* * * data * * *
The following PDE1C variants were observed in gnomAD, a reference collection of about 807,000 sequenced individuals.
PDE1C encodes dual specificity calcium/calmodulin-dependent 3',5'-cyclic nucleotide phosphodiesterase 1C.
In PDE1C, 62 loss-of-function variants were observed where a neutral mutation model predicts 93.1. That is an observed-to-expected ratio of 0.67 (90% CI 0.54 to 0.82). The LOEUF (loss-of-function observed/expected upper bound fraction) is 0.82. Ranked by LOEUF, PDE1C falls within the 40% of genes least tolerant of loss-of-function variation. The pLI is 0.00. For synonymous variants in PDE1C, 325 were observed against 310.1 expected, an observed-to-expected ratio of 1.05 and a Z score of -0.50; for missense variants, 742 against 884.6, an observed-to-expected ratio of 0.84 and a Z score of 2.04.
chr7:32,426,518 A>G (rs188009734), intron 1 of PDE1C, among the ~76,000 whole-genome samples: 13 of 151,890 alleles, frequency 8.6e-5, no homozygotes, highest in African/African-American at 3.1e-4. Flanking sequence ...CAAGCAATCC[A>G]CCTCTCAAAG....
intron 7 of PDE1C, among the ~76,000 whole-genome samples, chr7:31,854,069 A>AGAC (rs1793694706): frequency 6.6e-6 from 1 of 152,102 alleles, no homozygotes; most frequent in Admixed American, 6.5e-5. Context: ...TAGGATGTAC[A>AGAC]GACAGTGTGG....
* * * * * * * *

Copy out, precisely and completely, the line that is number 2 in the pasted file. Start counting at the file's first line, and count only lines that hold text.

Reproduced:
PDE1C encodes dual specificity calcium/calmodulin-dependent 3',5'-cyclic nucleotide phosphodiesterase 1C.